Ok, so some of you may say I was asking for it when I said how dry January had been, but less than an hour after I finished writing last months it started raining! The heavy rain, accompanied by the fact that the river flow rates were down to start with, meant that the river levels became very volatile, rising quickly and dropping even faster. This made for a very intense period of weir operations which saw more adjustments to the weirs in one day than the whole month of January. Thankfully this pattern hasn’t continued or I really would have been cursing myself for tempting fate.
As the weather improved and the river stabilised I was able to get on and finish some winter jobs, which is really important as spring is definitely in the air and nesting season is round the corner which will see the end of tasks such as hedge cutting for the next few months. With the help of my volunteers we’ve finished the offside cutback of low branches from the non-towpath side of the river between Stoke and Bowers Lock, and we’ve hedge trimmed the towpath through Guildford town centre so that it doesn’t encroach on this busy walking and cycling route. We’ve also been raking leaves at Bowers Lock and cutting back the epicormic growth from around the bottom of the lime trees in preparation for mowing the grass (I can’t believe it’s that time again already!).
I’ve also spent a lot of time this month servicing and repairing the team’s machinery so that it’s all ready to go when everything starts growing. This is a job that we started to do in house a number of years ago to keep costs down but also to ensure that all the equipment was safe and working effectively. It means that I have got to know how everything works inside and out, which I find very interesting and adds another element of variety to my work programme.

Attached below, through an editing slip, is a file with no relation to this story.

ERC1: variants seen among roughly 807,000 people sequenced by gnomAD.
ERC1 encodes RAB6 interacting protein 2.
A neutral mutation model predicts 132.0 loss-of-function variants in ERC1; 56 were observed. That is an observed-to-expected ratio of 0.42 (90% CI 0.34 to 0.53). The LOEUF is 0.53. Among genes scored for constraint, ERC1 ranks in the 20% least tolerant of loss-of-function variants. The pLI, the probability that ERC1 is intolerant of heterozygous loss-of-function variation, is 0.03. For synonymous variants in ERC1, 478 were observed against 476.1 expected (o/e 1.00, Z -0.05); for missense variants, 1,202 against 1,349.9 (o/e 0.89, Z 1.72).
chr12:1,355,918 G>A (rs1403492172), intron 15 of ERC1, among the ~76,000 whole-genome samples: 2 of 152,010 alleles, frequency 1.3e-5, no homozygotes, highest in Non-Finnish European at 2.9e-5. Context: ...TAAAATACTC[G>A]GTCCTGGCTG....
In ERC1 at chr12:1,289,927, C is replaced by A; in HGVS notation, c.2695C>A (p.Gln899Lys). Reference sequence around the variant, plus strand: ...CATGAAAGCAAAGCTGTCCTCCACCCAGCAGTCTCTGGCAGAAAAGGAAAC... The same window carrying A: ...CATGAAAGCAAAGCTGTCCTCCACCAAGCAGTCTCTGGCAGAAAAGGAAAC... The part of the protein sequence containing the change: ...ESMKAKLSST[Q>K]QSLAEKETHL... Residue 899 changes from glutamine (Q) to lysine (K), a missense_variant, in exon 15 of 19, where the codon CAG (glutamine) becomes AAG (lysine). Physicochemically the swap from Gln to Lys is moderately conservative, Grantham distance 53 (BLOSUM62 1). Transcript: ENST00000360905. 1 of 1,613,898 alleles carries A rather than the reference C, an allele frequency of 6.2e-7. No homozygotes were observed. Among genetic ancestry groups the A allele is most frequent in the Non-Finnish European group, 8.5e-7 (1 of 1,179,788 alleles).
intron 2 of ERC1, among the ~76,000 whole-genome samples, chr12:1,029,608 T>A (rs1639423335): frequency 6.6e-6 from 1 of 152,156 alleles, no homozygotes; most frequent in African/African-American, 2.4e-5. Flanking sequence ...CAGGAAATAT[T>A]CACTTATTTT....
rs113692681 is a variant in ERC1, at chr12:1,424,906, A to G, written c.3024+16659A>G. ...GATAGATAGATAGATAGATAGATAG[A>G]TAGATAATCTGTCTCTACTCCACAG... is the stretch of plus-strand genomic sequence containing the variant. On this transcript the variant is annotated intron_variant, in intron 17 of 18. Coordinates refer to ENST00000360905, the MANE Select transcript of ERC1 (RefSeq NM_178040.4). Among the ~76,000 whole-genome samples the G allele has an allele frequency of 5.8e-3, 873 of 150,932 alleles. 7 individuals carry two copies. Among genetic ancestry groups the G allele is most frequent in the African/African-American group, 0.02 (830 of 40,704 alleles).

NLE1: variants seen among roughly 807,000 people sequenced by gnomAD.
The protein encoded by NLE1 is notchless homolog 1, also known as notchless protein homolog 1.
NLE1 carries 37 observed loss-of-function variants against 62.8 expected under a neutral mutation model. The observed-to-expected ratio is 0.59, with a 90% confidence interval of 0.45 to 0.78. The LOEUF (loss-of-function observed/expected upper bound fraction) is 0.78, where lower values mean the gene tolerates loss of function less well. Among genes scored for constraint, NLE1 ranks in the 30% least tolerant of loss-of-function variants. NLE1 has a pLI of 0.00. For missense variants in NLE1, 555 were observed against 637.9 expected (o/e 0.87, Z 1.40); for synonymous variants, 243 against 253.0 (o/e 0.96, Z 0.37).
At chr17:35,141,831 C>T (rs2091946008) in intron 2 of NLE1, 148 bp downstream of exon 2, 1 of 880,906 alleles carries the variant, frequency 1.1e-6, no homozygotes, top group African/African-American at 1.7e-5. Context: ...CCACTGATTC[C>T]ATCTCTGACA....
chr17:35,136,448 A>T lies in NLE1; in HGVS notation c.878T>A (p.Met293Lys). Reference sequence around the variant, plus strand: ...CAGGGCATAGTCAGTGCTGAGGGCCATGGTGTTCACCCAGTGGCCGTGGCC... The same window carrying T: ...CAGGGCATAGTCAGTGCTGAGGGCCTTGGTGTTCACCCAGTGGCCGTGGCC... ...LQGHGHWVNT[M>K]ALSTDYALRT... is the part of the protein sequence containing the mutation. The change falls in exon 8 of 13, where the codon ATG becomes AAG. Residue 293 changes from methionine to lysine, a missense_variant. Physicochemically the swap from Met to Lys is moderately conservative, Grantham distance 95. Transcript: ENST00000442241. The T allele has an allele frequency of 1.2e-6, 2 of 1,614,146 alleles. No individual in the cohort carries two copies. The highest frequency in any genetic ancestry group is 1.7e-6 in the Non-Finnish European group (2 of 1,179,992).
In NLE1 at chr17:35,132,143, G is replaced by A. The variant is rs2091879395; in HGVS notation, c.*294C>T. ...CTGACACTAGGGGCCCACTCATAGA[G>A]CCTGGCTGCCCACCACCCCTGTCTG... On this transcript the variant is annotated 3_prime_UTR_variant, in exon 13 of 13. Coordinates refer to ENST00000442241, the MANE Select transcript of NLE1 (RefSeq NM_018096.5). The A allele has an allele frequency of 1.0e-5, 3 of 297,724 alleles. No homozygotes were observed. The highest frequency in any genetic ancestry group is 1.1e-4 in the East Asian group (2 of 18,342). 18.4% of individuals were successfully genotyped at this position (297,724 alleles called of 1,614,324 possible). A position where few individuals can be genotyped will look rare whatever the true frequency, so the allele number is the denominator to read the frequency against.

Knowing from experience that the next few months are going to be very busy with vegetation cutting, lock painting etc. I have made time this month to get on top of the events planning for this summer. This has involved meeting with the Steam Boat Association of Great Britain about our annual steam boat event Puffing-A-Wey in June, and also a number of meetings, walks and research sessions about my WWII guided walk in the middle of September. Planned to happen on Heritage Open Days weekend, it will mark 80 years since the outbreak of WWII. The walk will follow the river and surrounding area looking at remnants of that period that can still be seen today whilst talking about role of the Navigations during the war. A big thank you to local historian David Rose, and Malcolm Watson from our volunteer research group, for all their help - it’s looking like a really interesting event.
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